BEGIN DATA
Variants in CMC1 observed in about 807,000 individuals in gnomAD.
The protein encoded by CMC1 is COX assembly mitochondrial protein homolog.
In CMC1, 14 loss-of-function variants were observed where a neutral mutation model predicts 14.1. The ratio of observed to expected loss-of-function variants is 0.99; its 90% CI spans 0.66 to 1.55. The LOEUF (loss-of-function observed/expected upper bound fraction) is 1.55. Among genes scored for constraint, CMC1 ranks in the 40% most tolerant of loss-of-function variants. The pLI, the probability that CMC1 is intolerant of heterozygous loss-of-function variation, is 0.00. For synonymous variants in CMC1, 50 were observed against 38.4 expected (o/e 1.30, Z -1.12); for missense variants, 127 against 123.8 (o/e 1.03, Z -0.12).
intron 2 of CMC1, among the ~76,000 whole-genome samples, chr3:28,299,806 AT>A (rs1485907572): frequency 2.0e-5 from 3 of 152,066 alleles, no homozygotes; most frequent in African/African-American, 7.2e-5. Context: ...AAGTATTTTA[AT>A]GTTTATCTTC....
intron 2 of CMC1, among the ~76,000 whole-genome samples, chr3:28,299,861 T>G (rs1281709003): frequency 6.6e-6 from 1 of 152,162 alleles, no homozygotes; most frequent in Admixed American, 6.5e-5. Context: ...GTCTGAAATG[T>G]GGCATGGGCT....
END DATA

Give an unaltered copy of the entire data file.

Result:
Variants in CMC1 observed in about 807,000 individuals in gnomAD.
The protein encoded by CMC1 is COX assembly mitochondrial protein homolog.
In CMC1, 14 loss-of-function variants were observed where a neutral mutation model predicts 14.1. The ratio of observed to expected loss-of-function variants is 0.99; its 90% CI spans 0.66 to 1.55. The LOEUF (loss-of-function observed/expected upper bound fraction) is 1.55. Among genes scored for constraint, CMC1 ranks in the 40% most tolerant of loss-of-function variants. The pLI, the probability that CMC1 is intolerant of heterozygous loss-of-function variation, is 0.00. For synonymous variants in CMC1, 50 were observed against 38.4 expected (o/e 1.30, Z -1.12); for missense variants, 127 against 123.8 (o/e 1.03, Z -0.12).
intron 2 of CMC1, among the ~76,000 whole-genome samples, chr3:28,299,806 AT>A (rs1485907572): frequency 2.0e-5 from 3 of 152,066 alleles, no homozygotes; most frequent in African/African-American, 7.2e-5. Context: ...AAGTATTTTA[AT>A]GTTTATCTTC....
intron 2 of CMC1, among the ~76,000 whole-genome samples, chr3:28,299,861 T>G (rs1281709003): frequency 6.6e-6 from 1 of 152,162 alleles, no homozygotes; most frequent in Admixed American, 6.5e-5. Context: ...GTCTGAAATG[T>G]GGCATGGGCT....